Each chapter consists roughly of one level, which in turn is usually only the size of one area- be it a temple courtyard, the inside of a temple room, or a rooftop. Throughout this level you might find yourself facing off a number of low-threat grunts, a boss, a mini-boss, or specialized enemies- in any possible combination. The first surprise – and the first lesson- that the game throws at you has you fighting a group of monks wielding long staves that can easily defeat you before you can even touch them. It is here that you learn the value of the deflection skill- throwing back an attack at an enemy as they charge it (helpfully telegraphed by a golden glow.) It is only through the deflection of their staff strikes that you can defeat the monks- a deflect allows you to immediately counter and pummel them before they regain their footing for another swing.
Much of the game is like this: throwing enemies at you that can really ruin your day if you mindlessly give in to the pleasure of the slaughter without thinking about your defense. The master must walk the path between offense and defense, bravery and sheer stupidity. Some enemies, such as Master Mo, have extra gimmicks that you have to learn to avoid-- in Master Mo's case it is two energy circles that rotate around him at certain points in combat. If you happen to be caught inside one of them, he unleashes a devastating attack that leaves you all but decimated, so you must time and maneuver yourself carefully. This is a principle that repeats itself with most bosses- though the concrete form of each boss' gimmick varies greatly.
The pace is frenzied and challenging- whether you are fighting a single enemy or a large group, you are always in danger of getting floored by a well-placed attack or bomb if you get too cocky. In one of the most fun and frustrating moments, you will end up going against a giant statue that summons up whirlwinds... these whirlwinds pick up active bombs and enemies, only too happy to throw them in your face while also lifting you off your feet- needless to say, you need to dispose of the bombs quickly by kicking them towards the large statue (the best way to damage it) and disposing of each enemy wave before the next hurricane comes by. The game finds ways of mixing the action up so that you never feel like you're repeating yourself over and over, and there's a high level of challenge that is extremely enjoyable. This is a brawler that doesn't reward you for mashing buttons (that's the path to defeat, grasshopper), but for thinking on your feet.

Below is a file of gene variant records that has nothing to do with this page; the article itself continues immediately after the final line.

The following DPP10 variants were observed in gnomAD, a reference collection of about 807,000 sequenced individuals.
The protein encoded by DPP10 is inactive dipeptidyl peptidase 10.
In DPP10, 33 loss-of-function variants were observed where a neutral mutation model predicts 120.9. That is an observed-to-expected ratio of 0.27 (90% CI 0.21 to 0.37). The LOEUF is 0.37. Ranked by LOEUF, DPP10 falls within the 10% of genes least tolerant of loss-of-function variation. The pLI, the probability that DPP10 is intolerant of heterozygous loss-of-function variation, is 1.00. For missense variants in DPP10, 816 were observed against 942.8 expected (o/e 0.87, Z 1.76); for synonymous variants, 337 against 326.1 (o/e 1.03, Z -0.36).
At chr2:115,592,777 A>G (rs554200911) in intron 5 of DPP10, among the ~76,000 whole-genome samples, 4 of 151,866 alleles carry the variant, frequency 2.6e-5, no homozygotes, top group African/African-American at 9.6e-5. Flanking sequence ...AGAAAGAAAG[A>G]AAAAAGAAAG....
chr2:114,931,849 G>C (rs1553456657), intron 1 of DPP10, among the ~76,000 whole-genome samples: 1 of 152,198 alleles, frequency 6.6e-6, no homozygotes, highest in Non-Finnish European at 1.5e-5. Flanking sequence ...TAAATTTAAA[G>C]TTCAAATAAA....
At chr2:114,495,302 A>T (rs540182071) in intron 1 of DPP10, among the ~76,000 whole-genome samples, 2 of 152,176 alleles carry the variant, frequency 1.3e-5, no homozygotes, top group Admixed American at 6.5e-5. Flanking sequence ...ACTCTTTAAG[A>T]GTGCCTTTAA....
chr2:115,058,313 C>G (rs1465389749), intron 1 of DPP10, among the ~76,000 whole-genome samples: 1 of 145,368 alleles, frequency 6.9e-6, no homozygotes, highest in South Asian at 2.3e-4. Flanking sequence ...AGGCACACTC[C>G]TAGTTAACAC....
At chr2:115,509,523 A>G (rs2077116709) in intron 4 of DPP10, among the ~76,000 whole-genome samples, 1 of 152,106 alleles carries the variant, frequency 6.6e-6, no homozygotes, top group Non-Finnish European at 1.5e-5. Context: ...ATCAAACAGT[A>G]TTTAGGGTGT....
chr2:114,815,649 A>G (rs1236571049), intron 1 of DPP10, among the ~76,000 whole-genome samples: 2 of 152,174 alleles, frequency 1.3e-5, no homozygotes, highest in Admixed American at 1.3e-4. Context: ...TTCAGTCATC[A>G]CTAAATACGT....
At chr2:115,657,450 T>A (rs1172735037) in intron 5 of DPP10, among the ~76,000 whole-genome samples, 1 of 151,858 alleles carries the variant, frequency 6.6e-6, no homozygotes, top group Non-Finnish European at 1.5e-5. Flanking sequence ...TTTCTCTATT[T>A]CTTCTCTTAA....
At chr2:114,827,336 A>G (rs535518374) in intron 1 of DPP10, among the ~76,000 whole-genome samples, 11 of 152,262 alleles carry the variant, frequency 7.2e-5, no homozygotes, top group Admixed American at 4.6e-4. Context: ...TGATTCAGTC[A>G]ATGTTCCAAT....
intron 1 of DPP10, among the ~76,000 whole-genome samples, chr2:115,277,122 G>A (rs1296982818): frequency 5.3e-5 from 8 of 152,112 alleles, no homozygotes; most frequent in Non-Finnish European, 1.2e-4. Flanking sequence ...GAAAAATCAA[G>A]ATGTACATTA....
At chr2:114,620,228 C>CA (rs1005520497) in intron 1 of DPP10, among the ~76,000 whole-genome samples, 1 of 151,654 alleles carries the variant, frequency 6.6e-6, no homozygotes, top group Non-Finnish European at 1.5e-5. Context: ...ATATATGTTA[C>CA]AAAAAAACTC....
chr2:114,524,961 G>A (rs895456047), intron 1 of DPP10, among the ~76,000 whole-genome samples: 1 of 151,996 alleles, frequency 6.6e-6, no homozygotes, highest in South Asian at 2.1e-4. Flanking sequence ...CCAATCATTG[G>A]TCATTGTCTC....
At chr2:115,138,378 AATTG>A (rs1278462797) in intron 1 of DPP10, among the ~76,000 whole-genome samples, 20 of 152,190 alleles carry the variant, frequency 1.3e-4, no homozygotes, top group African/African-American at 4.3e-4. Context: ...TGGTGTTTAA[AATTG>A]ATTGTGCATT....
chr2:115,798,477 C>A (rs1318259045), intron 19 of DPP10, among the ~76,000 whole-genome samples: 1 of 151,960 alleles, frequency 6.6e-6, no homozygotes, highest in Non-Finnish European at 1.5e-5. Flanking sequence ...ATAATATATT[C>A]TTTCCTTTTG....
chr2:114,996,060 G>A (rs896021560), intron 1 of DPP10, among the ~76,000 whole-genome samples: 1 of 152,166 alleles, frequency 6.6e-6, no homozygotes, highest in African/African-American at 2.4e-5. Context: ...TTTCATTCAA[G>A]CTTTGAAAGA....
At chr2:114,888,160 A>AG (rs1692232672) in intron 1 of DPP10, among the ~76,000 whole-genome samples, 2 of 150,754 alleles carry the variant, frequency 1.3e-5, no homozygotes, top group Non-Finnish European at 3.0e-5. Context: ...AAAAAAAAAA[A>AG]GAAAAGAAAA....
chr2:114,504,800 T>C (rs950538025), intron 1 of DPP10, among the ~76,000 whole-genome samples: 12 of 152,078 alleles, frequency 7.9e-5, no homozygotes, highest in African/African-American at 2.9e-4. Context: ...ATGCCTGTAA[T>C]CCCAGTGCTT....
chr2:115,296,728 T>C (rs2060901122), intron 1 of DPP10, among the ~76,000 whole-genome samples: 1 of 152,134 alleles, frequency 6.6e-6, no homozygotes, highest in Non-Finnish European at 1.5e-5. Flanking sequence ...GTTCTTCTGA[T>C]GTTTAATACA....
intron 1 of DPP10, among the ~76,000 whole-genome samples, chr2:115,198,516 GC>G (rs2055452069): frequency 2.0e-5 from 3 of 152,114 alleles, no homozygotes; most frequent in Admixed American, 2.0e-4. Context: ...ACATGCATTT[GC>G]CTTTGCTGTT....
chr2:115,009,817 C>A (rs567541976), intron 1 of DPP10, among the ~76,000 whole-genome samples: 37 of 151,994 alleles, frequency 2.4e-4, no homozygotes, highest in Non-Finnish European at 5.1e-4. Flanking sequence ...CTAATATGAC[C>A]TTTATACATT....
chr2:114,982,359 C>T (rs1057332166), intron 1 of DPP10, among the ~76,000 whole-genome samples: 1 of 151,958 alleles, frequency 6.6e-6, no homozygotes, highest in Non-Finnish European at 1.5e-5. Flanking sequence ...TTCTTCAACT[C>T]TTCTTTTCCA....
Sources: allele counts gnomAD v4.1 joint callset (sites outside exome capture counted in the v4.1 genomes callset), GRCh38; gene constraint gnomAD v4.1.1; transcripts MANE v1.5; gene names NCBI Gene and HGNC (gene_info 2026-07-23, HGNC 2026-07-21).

I've mentioned that the game is frustrating and fun. Oftentimes poorly designed games are frustrating for the wrong reasons- usually bad level implementation, shoddy mechanics, terrible storytelling, but Kung-Fu Strike is frustrating because it is good: this is close to what some of us called “Nintendo Hard” back in the day (before the era of watered-down difficulty settled in)- it is the kind of challenge that frustrates you, but it frustrates you just enough so that you keep coming for more instead of the kind of frustration that usually ends with a controller embedded on your bedroom wall. The game is incredibly fun as a single player or multiplayer experience and it is heavily recommended if you want something a little more substantial for your brawler deficiency. Story-wise, Kung-Fu Strike is reminiscent of every Kung-Fu movie you've seen from the good old days- delightfully over the top, with just enough of a healthy dose of smirk added to the mixture. For what it is, the game is excellent and stands on its own. Perhaps it will teach some of the larger companies a lesson on how to make this genre fun... after, of course, it has beat them up and recited a monologue aimed at their overconfident foolishness.
Four Kung Fu Tigers out of Five.